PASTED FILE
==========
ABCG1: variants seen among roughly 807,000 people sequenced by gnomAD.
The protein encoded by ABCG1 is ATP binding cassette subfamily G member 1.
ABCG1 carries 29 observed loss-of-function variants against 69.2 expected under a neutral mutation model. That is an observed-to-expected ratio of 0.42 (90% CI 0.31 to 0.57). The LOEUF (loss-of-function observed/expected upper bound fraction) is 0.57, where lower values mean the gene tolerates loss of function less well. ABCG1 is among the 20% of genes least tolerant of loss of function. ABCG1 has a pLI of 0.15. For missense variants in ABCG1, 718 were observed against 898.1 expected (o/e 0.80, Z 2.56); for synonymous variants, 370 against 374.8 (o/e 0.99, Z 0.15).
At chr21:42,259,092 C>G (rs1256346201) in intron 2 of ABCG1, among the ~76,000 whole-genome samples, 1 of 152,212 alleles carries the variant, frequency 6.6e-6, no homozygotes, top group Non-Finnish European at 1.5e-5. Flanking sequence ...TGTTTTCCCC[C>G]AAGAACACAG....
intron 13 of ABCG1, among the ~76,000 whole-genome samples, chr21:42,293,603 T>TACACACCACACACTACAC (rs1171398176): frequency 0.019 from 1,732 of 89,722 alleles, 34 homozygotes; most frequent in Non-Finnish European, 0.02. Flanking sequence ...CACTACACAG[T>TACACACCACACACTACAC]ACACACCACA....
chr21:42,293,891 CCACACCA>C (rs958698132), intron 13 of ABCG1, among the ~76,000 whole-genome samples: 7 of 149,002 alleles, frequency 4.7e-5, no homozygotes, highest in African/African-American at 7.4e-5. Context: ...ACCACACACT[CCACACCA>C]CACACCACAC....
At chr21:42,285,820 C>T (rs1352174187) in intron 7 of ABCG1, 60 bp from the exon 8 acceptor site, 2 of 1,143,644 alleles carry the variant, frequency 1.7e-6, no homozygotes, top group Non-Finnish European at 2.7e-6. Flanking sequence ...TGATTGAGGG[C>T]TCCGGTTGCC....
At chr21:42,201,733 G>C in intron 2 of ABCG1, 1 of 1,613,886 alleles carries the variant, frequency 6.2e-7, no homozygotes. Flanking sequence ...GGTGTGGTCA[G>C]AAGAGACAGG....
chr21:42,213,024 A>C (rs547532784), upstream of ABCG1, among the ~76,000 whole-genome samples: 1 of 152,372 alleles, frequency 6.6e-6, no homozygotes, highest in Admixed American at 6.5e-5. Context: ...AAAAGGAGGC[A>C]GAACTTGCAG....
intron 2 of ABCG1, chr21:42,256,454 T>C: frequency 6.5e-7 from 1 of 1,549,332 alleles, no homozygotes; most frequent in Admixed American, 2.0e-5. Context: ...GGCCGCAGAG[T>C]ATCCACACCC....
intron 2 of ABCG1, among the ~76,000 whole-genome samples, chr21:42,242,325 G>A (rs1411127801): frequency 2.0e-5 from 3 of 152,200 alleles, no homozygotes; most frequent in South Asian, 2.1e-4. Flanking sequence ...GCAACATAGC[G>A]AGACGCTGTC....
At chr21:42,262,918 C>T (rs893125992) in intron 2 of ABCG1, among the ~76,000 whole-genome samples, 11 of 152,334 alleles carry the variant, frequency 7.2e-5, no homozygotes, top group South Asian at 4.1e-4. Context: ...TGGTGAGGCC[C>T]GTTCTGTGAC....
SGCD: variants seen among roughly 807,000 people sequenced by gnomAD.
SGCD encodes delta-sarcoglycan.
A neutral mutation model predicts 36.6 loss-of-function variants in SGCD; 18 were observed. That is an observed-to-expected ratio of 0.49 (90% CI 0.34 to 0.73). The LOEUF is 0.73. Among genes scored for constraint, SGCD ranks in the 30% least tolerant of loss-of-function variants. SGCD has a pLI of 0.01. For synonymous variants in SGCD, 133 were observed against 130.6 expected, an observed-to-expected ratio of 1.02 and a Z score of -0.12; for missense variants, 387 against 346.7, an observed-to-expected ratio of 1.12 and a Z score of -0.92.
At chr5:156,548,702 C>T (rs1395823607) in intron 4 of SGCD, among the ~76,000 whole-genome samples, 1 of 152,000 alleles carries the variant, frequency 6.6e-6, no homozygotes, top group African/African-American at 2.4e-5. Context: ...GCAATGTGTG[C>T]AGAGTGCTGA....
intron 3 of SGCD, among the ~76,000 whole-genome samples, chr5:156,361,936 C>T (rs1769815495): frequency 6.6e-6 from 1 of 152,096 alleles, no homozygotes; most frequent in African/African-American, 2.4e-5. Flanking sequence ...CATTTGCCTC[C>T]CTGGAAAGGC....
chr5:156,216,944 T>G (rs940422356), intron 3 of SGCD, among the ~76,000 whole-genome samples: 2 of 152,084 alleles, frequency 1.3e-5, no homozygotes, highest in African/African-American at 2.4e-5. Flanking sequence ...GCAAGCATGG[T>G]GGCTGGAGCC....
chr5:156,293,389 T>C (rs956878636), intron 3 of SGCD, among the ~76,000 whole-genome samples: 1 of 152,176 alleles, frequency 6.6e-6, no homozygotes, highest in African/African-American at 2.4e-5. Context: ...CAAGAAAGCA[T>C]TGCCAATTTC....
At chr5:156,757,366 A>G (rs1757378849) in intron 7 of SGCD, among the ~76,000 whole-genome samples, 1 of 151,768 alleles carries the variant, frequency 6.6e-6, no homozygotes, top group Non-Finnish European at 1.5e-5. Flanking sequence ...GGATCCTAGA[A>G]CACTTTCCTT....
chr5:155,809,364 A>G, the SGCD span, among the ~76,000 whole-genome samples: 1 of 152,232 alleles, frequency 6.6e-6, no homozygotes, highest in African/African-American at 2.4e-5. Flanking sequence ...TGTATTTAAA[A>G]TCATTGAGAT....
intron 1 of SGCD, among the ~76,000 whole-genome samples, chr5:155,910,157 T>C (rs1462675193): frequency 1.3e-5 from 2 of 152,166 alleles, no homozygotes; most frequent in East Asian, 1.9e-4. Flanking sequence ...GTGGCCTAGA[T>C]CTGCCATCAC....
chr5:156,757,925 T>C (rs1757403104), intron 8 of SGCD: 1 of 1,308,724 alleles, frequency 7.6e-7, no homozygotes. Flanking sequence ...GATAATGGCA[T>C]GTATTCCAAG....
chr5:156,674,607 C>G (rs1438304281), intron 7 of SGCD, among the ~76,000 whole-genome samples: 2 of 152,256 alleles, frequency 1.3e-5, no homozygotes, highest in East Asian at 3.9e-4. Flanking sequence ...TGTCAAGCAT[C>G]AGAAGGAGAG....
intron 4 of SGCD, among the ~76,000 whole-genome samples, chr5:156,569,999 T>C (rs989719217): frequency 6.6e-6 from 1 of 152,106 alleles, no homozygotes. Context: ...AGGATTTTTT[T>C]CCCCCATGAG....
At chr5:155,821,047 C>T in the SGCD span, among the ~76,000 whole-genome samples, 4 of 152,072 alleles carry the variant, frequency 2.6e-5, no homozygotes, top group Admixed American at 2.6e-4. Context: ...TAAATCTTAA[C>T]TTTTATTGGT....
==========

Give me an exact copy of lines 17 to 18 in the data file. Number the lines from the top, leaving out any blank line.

intron 3 of SGCD, among the ~76,000 whole-genome samples, chr5:156,361,936 C>T (rs1769815495): frequency 6.6e-6 from 1 of 152,096 alleles, no homozygotes; most frequent in African/African-American, 2.4e-5. Flanking sequence ...CATTTGCCTC[C>T]CTGGAAAGGC....
chr5:156,216,944 T>G (rs940422356), intron 3 of SGCD, among the ~76,000 whole-genome samples: 2 of 152,084 alleles, frequency 1.3e-5, no homozygotes, highest in African/African-American at 2.4e-5. Flanking sequence ...GCAAGCATGG[T>G]GGCTGGAGCC....